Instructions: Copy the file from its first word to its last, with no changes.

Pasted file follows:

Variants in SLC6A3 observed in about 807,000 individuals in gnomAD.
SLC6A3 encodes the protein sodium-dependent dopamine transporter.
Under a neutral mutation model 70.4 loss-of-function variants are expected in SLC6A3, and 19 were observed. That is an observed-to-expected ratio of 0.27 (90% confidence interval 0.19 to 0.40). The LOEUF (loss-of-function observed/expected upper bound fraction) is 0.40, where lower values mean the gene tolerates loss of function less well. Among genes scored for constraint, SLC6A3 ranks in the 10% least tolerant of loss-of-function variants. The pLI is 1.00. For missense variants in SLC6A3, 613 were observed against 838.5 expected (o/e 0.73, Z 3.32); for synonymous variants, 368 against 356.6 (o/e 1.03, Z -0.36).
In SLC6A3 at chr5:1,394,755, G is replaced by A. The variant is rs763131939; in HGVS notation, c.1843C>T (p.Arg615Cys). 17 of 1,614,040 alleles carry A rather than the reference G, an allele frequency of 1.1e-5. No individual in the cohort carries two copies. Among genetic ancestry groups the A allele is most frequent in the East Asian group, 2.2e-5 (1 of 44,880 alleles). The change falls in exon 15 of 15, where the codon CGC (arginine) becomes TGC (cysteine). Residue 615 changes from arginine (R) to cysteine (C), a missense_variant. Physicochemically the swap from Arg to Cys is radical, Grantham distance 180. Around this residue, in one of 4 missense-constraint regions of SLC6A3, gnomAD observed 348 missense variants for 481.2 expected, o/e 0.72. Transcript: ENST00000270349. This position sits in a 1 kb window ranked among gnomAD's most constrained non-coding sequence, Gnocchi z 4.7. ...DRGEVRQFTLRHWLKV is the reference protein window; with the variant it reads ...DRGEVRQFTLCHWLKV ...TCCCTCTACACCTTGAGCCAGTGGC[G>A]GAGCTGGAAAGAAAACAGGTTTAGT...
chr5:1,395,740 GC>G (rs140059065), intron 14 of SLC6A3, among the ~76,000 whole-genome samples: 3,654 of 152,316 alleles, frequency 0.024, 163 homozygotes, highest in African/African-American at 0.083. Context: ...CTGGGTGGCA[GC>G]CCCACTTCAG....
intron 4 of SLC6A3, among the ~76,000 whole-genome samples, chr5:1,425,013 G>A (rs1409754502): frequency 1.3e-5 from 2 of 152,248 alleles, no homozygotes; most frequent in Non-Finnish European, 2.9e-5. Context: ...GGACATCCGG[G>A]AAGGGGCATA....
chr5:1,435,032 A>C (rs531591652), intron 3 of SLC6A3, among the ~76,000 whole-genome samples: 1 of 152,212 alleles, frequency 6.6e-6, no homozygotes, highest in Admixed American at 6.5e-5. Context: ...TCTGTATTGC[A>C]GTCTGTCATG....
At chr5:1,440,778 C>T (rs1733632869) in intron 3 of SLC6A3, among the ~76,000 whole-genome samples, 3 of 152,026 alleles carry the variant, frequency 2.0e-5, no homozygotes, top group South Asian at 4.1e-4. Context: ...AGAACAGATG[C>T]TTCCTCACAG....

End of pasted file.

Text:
Variants in SLC6A3 observed in about 807,000 individuals in gnomAD.
SLC6A3 encodes the protein sodium-dependent dopamine transporter.
Under a neutral mutation model 70.4 loss-of-function variants are expected in SLC6A3, and 19 were observed. That is an observed-to-expected ratio of 0.27 (90% confidence interval 0.19 to 0.40). The LOEUF (loss-of-function observed/expected upper bound fraction) is 0.40, where lower values mean the gene tolerates loss of function less well. Among genes scored for constraint, SLC6A3 ranks in the 10% least tolerant of loss-of-function variants. The pLI is 1.00. For missense variants in SLC6A3, 613 were observed against 838.5 expected (o/e 0.73, Z 3.32); for synonymous variants, 368 against 356.6 (o/e 1.03, Z -0.36).
In SLC6A3 at chr5:1,394,755, G is replaced by A. The variant is rs763131939; in HGVS notation, c.1843C>T (p.Arg615Cys). 17 of 1,614,040 alleles carry A rather than the reference G, an allele frequency of 1.1e-5. No individual in the cohort carries two copies. Among genetic ancestry groups the A allele is most frequent in the East Asian group, 2.2e-5 (1 of 44,880 alleles). The change falls in exon 15 of 15, where the codon CGC (arginine) becomes TGC (cysteine). Residue 615 changes from arginine (R) to cysteine (C), a missense_variant. Physicochemically the swap from Arg to Cys is radical, Grantham distance 180. Around this residue, in one of 4 missense-constraint regions of SLC6A3, gnomAD observed 348 missense variants for 481.2 expected, o/e 0.72. Transcript: ENST00000270349. This position sits in a 1 kb window ranked among gnomAD's most constrained non-coding sequence, Gnocchi z 4.7. ...DRGEVRQFTLRHWLKV is the reference protein window; with the variant it reads ...DRGEVRQFTLCHWLKV ...TCCCTCTACACCTTGAGCCAGTGGC[G>A]GAGCTGGAAAGAAAACAGGTTTAGT...
chr5:1,395,740 GC>G (rs140059065), intron 14 of SLC6A3, among the ~76,000 whole-genome samples: 3,654 of 152,316 alleles, frequency 0.024, 163 homozygotes, highest in African/African-American at 0.083. Context: ...CTGGGTGGCA[GC>G]CCCACTTCAG....
intron 4 of SLC6A3, among the ~76,000 whole-genome samples, chr5:1,425,013 G>A (rs1409754502): frequency 1.3e-5 from 2 of 152,248 alleles, no homozygotes; most frequent in Non-Finnish European, 2.9e-5. Context: ...GGACATCCGG[G>A]AAGGGGCATA....
chr5:1,435,032 A>C (rs531591652), intron 3 of SLC6A3, among the ~76,000 whole-genome samples: 1 of 152,212 alleles, frequency 6.6e-6, no homozygotes, highest in Admixed American at 6.5e-5. Context: ...TCTGTATTGC[A>C]GTCTGTCATG....
At chr5:1,440,778 C>T (rs1733632869) in intron 3 of SLC6A3, among the ~76,000 whole-genome samples, 3 of 152,026 alleles carry the variant, frequency 2.0e-5, no homozygotes, top group South Asian at 4.1e-4. Context: ...AGAACAGATG[C>T]TTCCTCACAG....